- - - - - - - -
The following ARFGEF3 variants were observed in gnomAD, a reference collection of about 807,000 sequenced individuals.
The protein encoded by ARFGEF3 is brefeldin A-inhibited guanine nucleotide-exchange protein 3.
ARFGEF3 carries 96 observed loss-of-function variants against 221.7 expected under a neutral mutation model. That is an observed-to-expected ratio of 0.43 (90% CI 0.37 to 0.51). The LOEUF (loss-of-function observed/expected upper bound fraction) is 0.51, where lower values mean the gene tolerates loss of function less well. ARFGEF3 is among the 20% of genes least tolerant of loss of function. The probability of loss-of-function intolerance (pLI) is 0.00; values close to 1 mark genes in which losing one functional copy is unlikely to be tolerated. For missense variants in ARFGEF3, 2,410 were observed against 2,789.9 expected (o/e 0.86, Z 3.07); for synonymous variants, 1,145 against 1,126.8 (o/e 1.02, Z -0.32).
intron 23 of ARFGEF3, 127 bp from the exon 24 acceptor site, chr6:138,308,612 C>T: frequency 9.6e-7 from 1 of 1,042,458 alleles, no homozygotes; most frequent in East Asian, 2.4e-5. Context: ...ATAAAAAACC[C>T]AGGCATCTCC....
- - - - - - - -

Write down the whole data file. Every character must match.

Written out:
The following ARFGEF3 variants were observed in gnomAD, a reference collection of about 807,000 sequenced individuals.
The protein encoded by ARFGEF3 is brefeldin A-inhibited guanine nucleotide-exchange protein 3.
ARFGEF3 carries 96 observed loss-of-function variants against 221.7 expected under a neutral mutation model. That is an observed-to-expected ratio of 0.43 (90% CI 0.37 to 0.51). The LOEUF (loss-of-function observed/expected upper bound fraction) is 0.51, where lower values mean the gene tolerates loss of function less well. ARFGEF3 is among the 20% of genes least tolerant of loss of function. The probability of loss-of-function intolerance (pLI) is 0.00; values close to 1 mark genes in which losing one functional copy is unlikely to be tolerated. For missense variants in ARFGEF3, 2,410 were observed against 2,789.9 expected (o/e 0.86, Z 3.07); for synonymous variants, 1,145 against 1,126.8 (o/e 1.02, Z -0.32).
intron 23 of ARFGEF3, 127 bp from the exon 24 acceptor site, chr6:138,308,612 C>T: frequency 9.6e-7 from 1 of 1,042,458 alleles, no homozygotes; most frequent in East Asian, 2.4e-5. Context: ...ATAAAAAACC[C>T]AGGCATCTCC....